Precentor - Revd Canon Gilly Myers
This is my first Sunday since returning from sabbatical leave; it is good to see you all again. I am very grateful to my colleagues and all who have covered for me while I have been away, and appreciate the good wishes that have greeted me on my return.
The word sabbatical is closely related to ‘sabbath’ and, as it happens, ‘sabbath’ appears in two of our Bible readings this morning.
The passage in Isaiah we heard today is the second part of a discourse. In the first part the prophet was expressing his incredulity that a people who were living rebellious and unrighteous lifestyles, and with contemptuous disregard for the principles of the Jewish Sabbath, should be puzzled by the fact that they were on the receiving end of God’s displeasure. How easy it can be to deceive ourselves into believing fantastic alternative truths about ourselves, and the world around us. That is precisely what Isaiah’s listeners were doing.
In today’s passage, Isaiah focuses on two distinct, but related aspects of his hearers’ lives: the first is about living a righteous life, and what that would look like; the second is about attitudes towards the Sabbath, and one’s practice of it.
In the Ten Commandments, of course, the first four commandments relate to our relationship with God and the rest relate to our relationship with one another.
Commandment number four is specifically about keeping the sabbath day:
Remember the sabbath day, and keep it holy. Six days you shall labour and do all your work. But the seventh day is a sabbath to the lord your God; you shall not do any work… for in six days the Lord made heaven
and earth, the sea, and all that it in them, but rested on the seventh day; therefore the Lord blessed the sabbath day and consecrated it. (Exodus 20. 8-10a, 11)
The Lord resting on the seventh day refers back, of course, to the creation narrative in Genesis 2.
… So God blessed the seventh day and hallowed it, because on it God rested from all the work that he had done in creation. (Geneses 2.3)
Isaiah places a devotional approach to the sabbath observance hand in hand alongside holy living; the two go together. Love God and love your neighbour. The whole of chapter 58 paints a beautiful picture of how it all could be if people lived lives that attended to the needs of others and fully gave themselves to sabbath rest and attention to God. The outcome, says Isaiah, would be like light rising in the darkness (Isaiah 58.10) or being like a well-watered garden, like a spring of water, whose waters never fail (Isaiah 58.11). What a beautiful image for a hot dry day.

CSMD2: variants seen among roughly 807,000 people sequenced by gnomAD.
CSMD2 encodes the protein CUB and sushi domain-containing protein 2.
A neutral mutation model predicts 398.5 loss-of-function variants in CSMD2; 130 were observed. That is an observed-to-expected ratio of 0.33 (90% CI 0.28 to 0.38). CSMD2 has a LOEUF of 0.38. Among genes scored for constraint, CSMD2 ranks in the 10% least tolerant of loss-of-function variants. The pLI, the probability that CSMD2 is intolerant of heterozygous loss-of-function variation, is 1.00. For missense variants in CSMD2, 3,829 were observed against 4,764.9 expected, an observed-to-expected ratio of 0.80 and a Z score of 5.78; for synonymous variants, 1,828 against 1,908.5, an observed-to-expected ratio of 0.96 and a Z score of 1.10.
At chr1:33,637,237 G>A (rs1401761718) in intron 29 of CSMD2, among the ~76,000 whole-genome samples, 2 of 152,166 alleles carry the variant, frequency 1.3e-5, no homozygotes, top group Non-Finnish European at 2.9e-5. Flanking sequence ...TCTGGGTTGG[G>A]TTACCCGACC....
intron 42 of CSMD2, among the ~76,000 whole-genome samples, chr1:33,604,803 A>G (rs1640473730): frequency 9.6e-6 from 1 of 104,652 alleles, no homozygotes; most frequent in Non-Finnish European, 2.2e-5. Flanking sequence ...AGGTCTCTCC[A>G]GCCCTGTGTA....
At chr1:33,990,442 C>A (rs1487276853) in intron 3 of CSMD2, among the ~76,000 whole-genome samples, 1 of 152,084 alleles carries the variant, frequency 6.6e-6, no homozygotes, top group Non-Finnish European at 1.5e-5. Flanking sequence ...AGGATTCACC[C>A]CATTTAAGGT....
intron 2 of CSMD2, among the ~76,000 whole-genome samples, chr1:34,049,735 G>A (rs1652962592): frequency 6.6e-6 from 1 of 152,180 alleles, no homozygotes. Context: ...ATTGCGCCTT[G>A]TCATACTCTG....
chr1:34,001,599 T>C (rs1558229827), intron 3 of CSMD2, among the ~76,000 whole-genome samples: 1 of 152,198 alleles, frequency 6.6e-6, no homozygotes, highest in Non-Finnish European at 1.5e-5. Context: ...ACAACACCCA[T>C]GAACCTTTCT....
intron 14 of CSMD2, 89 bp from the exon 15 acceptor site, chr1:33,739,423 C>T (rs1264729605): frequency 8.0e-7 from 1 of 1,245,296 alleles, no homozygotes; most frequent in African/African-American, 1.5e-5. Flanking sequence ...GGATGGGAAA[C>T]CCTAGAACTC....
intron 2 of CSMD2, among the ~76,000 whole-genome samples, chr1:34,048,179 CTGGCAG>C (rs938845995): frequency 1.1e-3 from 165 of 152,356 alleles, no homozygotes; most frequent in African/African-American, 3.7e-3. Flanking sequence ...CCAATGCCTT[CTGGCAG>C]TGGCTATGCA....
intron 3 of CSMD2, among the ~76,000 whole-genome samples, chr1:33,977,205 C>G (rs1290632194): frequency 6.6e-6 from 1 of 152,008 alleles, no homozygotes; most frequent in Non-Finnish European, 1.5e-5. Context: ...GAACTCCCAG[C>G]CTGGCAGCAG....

In Luke’s gospel we find ourselves in a synagogue one sabbath, at which Jesus has been invited to teach. Jesus goes further, for there is a healing miracle resulting in a dispute. A crippled woman who has been bent over for 18 years is healed at a command and laying on of Jesus’ hands. The leader of the synagogue denounces this to everyone around as an infringement of the sabbath rules.
This, of course, is not the only time that Jesus is criticised by religious leaders for disregarding the complex system of sabbath regulations that had developed by Jesus’ time.
But by the end of this narrative everyone ends up rejoicing in the wonderful things that Jesus was doing, and the religious leader was shamed by Jesus’ observation that what he had done was surely only in line with what they were allowed to do on the sabbath for their animals.
My own sabbatical – a sort of extended sabbath, was time to attend to the refreshment of body, mind and spirit.
Time to have a rest from work; and take on a different pace of life, with different priorities.
Space in which to have concentrated time attending to prayer and spirituality